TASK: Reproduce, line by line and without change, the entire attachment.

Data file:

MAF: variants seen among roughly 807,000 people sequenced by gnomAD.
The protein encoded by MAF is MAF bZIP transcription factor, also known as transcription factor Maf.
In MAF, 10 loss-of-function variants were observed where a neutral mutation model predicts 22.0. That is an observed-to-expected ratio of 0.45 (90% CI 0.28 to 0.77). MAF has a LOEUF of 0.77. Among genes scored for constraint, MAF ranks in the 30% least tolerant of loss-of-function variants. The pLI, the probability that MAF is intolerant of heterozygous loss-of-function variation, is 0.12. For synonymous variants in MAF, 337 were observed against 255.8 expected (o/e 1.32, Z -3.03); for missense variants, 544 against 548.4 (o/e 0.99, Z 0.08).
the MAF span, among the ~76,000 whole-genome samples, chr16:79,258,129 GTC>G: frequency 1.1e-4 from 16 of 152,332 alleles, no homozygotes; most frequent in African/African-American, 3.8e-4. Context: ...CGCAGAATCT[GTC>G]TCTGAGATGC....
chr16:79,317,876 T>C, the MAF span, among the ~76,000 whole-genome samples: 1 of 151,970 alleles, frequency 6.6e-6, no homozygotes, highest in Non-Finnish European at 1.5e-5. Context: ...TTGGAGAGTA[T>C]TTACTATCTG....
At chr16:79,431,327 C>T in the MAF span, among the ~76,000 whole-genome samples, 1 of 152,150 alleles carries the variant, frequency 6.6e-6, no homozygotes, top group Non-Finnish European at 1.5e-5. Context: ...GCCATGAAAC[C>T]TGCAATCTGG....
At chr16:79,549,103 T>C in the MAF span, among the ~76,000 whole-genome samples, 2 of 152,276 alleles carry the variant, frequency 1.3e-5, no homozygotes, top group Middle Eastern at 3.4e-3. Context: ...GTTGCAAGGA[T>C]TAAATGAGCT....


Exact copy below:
MAF: variants seen among roughly 807,000 people sequenced by gnomAD.
The protein encoded by MAF is MAF bZIP transcription factor, also known as transcription factor Maf.
In MAF, 10 loss-of-function variants were observed where a neutral mutation model predicts 22.0. That is an observed-to-expected ratio of 0.45 (90% CI 0.28 to 0.77). MAF has a LOEUF of 0.77. Among genes scored for constraint, MAF ranks in the 30% least tolerant of loss-of-function variants. The pLI, the probability that MAF is intolerant of heterozygous loss-of-function variation, is 0.12. For synonymous variants in MAF, 337 were observed against 255.8 expected (o/e 1.32, Z -3.03); for missense variants, 544 against 548.4 (o/e 0.99, Z 0.08).
the MAF span, among the ~76,000 whole-genome samples, chr16:79,258,129 GTC>G: frequency 1.1e-4 from 16 of 152,332 alleles, no homozygotes; most frequent in African/African-American, 3.8e-4. Context: ...CGCAGAATCT[GTC>G]TCTGAGATGC....
chr16:79,317,876 T>C, the MAF span, among the ~76,000 whole-genome samples: 1 of 151,970 alleles, frequency 6.6e-6, no homozygotes, highest in Non-Finnish European at 1.5e-5. Context: ...TTGGAGAGTA[T>C]TTACTATCTG....
At chr16:79,431,327 C>T in the MAF span, among the ~76,000 whole-genome samples, 1 of 152,150 alleles carries the variant, frequency 6.6e-6, no homozygotes, top group Non-Finnish European at 1.5e-5. Context: ...GCCATGAAAC[C>T]TGCAATCTGG....
At chr16:79,549,103 T>C in the MAF span, among the ~76,000 whole-genome samples, 2 of 152,276 alleles carry the variant, frequency 1.3e-5, no homozygotes, top group Middle Eastern at 3.4e-3. Context: ...GTTGCAAGGA[T>C]TAAATGAGCT....